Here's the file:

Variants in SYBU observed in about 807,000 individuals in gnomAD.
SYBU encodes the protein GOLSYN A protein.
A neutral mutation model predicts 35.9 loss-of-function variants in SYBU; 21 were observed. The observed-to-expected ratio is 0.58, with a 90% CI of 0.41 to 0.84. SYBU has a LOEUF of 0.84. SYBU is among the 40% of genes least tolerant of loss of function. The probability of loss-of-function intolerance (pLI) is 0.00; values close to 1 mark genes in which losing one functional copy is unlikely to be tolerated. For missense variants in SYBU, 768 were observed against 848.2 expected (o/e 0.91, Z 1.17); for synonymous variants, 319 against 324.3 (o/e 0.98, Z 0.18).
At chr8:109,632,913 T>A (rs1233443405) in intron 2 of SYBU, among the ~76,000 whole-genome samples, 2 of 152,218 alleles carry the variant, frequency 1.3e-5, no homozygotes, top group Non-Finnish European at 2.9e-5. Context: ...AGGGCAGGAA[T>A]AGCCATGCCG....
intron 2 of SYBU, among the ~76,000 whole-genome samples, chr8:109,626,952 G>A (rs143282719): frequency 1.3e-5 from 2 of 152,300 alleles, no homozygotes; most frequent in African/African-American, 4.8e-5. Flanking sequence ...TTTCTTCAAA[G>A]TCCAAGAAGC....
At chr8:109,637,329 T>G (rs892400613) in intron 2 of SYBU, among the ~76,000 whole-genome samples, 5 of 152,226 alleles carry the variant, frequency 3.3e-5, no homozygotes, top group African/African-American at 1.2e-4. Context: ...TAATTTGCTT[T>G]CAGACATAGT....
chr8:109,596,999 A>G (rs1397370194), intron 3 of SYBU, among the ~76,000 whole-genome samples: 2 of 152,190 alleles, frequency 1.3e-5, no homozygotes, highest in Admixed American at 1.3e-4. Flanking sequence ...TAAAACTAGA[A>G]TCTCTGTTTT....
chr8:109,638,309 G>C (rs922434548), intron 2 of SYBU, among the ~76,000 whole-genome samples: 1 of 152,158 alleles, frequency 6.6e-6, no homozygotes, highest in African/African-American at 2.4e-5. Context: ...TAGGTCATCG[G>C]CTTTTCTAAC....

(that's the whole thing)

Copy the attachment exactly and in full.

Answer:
Variants in SYBU observed in about 807,000 individuals in gnomAD.
SYBU encodes the protein GOLSYN A protein.
A neutral mutation model predicts 35.9 loss-of-function variants in SYBU; 21 were observed. The observed-to-expected ratio is 0.58, with a 90% CI of 0.41 to 0.84. SYBU has a LOEUF of 0.84. SYBU is among the 40% of genes least tolerant of loss of function. The probability of loss-of-function intolerance (pLI) is 0.00; values close to 1 mark genes in which losing one functional copy is unlikely to be tolerated. For missense variants in SYBU, 768 were observed against 848.2 expected (o/e 0.91, Z 1.17); for synonymous variants, 319 against 324.3 (o/e 0.98, Z 0.18).
At chr8:109,632,913 T>A (rs1233443405) in intron 2 of SYBU, among the ~76,000 whole-genome samples, 2 of 152,218 alleles carry the variant, frequency 1.3e-5, no homozygotes, top group Non-Finnish European at 2.9e-5. Context: ...AGGGCAGGAA[T>A]AGCCATGCCG....
intron 2 of SYBU, among the ~76,000 whole-genome samples, chr8:109,626,952 G>A (rs143282719): frequency 1.3e-5 from 2 of 152,300 alleles, no homozygotes; most frequent in African/African-American, 4.8e-5. Flanking sequence ...TTTCTTCAAA[G>A]TCCAAGAAGC....
At chr8:109,637,329 T>G (rs892400613) in intron 2 of SYBU, among the ~76,000 whole-genome samples, 5 of 152,226 alleles carry the variant, frequency 3.3e-5, no homozygotes, top group African/African-American at 1.2e-4. Context: ...TAATTTGCTT[T>G]CAGACATAGT....
chr8:109,596,999 A>G (rs1397370194), intron 3 of SYBU, among the ~76,000 whole-genome samples: 2 of 152,190 alleles, frequency 1.3e-5, no homozygotes, highest in Admixed American at 1.3e-4. Flanking sequence ...TAAAACTAGA[A>G]TCTCTGTTTT....
chr8:109,638,309 G>C (rs922434548), intron 2 of SYBU, among the ~76,000 whole-genome samples: 1 of 152,158 alleles, frequency 6.6e-6, no homozygotes, highest in African/African-American at 2.4e-5. Context: ...TAGGTCATCG[G>C]CTTTTCTAAC....